Garry Unger, who appeared in the first issue of Sports Spectrum when it was called Sports Focus in 1985, played for 16 seasons in the NHL and set a then-NHL record by playing in 914 consecutive regular season games from Feb. 24, 1968 to Dec. 21, 1979. For his career, he played in 1,105 NHL games, scoring 431 goals and assisting on 391 more. He also earned MVP of the 1974 NHL All-Star game.
Unger’s life, though, isn’t wrapped up in hockey, although he’s been involved with hockey since his retirement. His life is wrapped up in how God has been working in his life.
Sports Spectrum caught up with Unger this year to commemorate our 30th anniversary. Below is an excerpt from that interview, which will appear in full in the next digital issue of Sports Spectrum.
When asked what he’s learned the past 30 years since his retirement, he responded: “I’ve learned that God doesn’t change. We’re the ones that put ourselves in situations, and He’s always there. He doesn’t change. He’s the same today, tomorrow, and forever. He doesn’t give up on people. Even though we go through some very difficult times and difficult things, He’s still a sovereign God and He’s still in control. I never prayed for God to get me out of a certain situation, because I never know why I’m in it or why my kids are in it or why my family’s in it or why my marriage is in it. But I pray for peace in that circumstance; that God will give me a peace about the fact that He’s not going to forget about me. I guess the older you get and the more experiences you have and the more things you go through, the more you realize that, wow, I don’t know what I would have done if that hadn’t been part of my life and my marriage and my kids and my family, all those other things. When you look back, you see how He carried you through…You don’t just get to a certain point and say, OK, everything’s ‘OK and we’re going to be fine, because something else will come up’…there’s always things that are going on that God needs to be in the middle of.”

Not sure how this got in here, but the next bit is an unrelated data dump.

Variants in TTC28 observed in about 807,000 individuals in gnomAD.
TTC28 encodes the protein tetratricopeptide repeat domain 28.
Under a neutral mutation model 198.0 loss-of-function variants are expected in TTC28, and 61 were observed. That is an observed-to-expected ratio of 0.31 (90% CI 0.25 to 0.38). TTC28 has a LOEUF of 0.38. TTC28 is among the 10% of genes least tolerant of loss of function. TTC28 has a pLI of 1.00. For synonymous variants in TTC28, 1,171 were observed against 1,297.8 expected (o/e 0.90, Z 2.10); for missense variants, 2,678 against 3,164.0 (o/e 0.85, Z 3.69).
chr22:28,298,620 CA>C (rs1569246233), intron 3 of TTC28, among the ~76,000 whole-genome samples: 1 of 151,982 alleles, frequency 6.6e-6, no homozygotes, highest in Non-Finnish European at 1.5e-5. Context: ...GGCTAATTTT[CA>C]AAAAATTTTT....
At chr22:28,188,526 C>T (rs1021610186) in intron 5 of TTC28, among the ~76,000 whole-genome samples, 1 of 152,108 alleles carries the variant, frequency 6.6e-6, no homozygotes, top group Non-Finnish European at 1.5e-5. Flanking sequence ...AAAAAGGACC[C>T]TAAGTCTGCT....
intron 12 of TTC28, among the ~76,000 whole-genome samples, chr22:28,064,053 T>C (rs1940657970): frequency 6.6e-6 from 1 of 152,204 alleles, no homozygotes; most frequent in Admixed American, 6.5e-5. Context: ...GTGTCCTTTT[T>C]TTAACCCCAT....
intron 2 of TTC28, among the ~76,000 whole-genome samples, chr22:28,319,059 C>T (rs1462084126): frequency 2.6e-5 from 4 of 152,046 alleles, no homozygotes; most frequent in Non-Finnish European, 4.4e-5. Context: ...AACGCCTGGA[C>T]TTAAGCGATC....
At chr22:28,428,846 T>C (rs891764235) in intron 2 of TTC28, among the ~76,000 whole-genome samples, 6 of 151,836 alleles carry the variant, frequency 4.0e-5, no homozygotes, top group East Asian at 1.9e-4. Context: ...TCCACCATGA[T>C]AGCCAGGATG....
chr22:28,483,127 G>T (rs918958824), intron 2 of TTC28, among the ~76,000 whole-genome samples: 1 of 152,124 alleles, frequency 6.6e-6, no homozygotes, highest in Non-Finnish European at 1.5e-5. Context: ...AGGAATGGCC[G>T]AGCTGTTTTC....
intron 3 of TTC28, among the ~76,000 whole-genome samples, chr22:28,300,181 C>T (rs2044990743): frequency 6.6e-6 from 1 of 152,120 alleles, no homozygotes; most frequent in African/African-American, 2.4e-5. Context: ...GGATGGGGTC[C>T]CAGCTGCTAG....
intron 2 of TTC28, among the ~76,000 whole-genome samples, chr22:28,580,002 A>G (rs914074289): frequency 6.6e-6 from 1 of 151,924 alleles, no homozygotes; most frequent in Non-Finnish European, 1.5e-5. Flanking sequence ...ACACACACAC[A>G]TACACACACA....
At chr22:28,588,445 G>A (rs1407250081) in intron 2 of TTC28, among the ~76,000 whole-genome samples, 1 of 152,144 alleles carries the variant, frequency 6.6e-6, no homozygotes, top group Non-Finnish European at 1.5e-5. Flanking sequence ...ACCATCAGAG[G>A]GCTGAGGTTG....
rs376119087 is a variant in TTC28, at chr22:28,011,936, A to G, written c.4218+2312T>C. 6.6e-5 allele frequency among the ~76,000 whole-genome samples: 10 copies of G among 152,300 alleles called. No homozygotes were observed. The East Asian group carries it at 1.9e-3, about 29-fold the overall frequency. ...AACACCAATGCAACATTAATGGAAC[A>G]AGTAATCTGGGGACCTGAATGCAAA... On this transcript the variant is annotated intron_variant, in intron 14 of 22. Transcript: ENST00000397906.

“What I was amazed at is how easy a transition retirement was for me because I had God in my life. There were short little times when God took hockey away from me, like the time when I did full-time ministry and the time when I did retire and there wasn’t a hockey job available. The Bible talks about God giving you the desires of your heart. I’m saying to myself, ‘God, you know how important hockey is to me. Why am I, why is this getting yanked away from me?’ When I look back how He gave it back to me through the coaching, through the job in England, to all the different times where all of a sudden out of the blue a job would pop up. ‘It’s like that song: ‘God will make a way when there seems to be no way.’ All of a sudden there was something there. Again, the peace of the fact that we tend to say, ‘OK, I’m losing my job today. Who can I call? What can I do? I’ve got all these numbers.’ And I’ve learned to say, ‘OK, I’m going to make those calls but probably the answer to this prayer is going to be somebody that I’ve never met before. God is going to put somebody in my life that I’ve never met before and it’s going to be totally out of the blue.’ That’s happened many, many times to me.”